At the point when I began sending it out to very small publishers I realized they could not do much more for my book than I could do myself. They would only put it on their website and on Amazon.
I spent 6 months researching and writing the book, had it professionally edited, and have spent over a year submitting it. It is such a worthwhile and timely story, and biographical fiction has been popular for several years.
Recently, I began researching self-publishers. Self-publishing is much more widely accepted than it was when I self-published my other two novels. It is a legitimate way for authors to be read, and even make money, especially on Amazon, whether paperback or ebook. It is cheap and relatively easy to self-publish on Amazon, although it is not globally distributed otherwise. Amazon has a number of ways to promote books, especially ebooks, that I could not do myself. I stink at self-promotion, so this is a plus.
Am I ready? Getting this book out has been hanging over my head for over a year. I’m ready to move on to something else. Rejections, although expected, get old. I am not a trained fiction writer. I did not intend to ever write fiction again, but this story was too good to pass up.
Am I okay with only my kind-hearted friends and acquaintances reading my book as with my other ones? (If not, I will obsessively ask myself what it was all for?)
Did I love writing it? Yes.
Am I proud of it? Yes.
Do I want it to sit in a 3-ring binder on my shelf forever? No.
What do I have to lose?
APRIL 25 - One day later
In counting the number of agents/publishers I had contacted I noticed the name of someone who had expressed interest but never got back to me ––Jared Bendis of Atbosh Media in Cleveland. I thought, What the Heck, and emailed him one more time. He responded and asked for the synopsis. I felt a twinge of hope but he had responded twice before and let the communication die. He emailed later and asked when we could chat! I sent my number and told my husband I didn’t think he’d call–––but he did that same evening.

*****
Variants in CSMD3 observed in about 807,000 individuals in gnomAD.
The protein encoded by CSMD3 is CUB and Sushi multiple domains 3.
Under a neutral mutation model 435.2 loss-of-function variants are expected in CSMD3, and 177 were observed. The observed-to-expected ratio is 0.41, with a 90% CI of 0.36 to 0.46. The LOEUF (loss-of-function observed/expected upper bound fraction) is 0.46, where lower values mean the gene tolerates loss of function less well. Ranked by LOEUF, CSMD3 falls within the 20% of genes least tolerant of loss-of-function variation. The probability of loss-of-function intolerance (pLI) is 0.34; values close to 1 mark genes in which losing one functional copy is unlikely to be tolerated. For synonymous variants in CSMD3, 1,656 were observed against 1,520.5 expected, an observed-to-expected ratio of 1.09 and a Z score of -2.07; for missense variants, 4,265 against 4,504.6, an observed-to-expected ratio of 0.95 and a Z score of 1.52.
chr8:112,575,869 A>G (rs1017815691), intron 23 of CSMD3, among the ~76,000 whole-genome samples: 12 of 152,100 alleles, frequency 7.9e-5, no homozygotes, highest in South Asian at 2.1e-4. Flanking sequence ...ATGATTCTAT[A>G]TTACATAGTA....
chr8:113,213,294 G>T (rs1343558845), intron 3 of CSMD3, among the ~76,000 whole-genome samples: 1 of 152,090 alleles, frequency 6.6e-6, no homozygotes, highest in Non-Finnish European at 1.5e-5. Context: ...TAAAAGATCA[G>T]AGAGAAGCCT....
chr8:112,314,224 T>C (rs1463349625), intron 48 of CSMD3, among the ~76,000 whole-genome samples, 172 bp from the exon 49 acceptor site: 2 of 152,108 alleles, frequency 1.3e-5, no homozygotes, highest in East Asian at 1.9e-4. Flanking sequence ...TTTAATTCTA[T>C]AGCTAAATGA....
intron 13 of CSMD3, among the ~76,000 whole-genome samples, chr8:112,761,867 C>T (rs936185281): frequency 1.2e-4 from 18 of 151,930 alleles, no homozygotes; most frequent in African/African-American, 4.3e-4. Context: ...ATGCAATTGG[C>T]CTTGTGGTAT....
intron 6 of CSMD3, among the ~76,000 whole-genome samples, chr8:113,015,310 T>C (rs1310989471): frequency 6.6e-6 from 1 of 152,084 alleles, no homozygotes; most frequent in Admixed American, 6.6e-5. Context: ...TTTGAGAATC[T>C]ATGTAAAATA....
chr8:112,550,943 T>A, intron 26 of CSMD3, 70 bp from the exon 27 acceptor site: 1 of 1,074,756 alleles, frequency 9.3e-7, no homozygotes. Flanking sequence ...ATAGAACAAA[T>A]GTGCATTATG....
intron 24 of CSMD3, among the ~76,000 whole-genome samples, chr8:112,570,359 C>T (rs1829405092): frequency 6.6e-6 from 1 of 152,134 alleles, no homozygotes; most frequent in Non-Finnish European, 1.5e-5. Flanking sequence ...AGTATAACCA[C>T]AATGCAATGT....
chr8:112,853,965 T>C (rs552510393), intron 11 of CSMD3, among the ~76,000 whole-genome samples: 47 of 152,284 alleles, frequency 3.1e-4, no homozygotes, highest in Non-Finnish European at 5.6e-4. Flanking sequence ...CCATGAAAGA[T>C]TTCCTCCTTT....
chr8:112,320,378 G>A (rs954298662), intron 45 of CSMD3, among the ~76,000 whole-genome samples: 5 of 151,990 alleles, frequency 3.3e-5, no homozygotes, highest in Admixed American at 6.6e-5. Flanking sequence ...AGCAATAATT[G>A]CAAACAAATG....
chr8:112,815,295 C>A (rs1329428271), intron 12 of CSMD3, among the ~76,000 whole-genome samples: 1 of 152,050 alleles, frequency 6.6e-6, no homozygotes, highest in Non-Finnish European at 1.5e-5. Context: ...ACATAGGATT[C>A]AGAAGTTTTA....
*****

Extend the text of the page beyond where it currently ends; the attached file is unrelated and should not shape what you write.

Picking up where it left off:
We talked for a half hour and he explained his whole process, the contract agreement and what he could do with the book. He said he would send me the contract that night if I agreed. What? Of course! Then the email didn’t come that night. ( But it did show up the next day. I’m pretty sure he’s a night person because it was sent in the wee hours of the morning.
It’s been two weeks since then. We’ve exchanged a couple emails and he says he’s putting the mock-up together but he doesn’t commit to a timeline so I must be patient. Lou took some outdoor photos of me for the head shot and it is on his website. I signed a contract so I know it will happen eventually. I thought this time of quarantine would be perfect for working on marketing and getting the book out there etc. We’ll see.
It seems like one more surreal and unbelievable occurrence right now, just like the rest of life. But I am thankful, relieved and proud.
Friday, December 18, 2020
Under My Mask
there is no lipstick
on my pale thinning lips
under my mask
no celebration of birthdays
we are bleached out
beached out like whales
who have lost their way
there is no deep breath
into my aging lungs
under my mask
or tricks or treats
we are as weary
as a mother of babes
and there is no rest for the weary
there is no singing
from my silent throat
under my mask
no community of praise
or writing on the calendar
for a future together
Thursday, November 5, 2020
If tomorrow comes
and we, who love the world,
whose vested interests are in the stranger,
in liberty and justice for all,
we stakeholders who yearn for decency,
empathy, even propriety—
if tomorrow comes and we are soul-crushed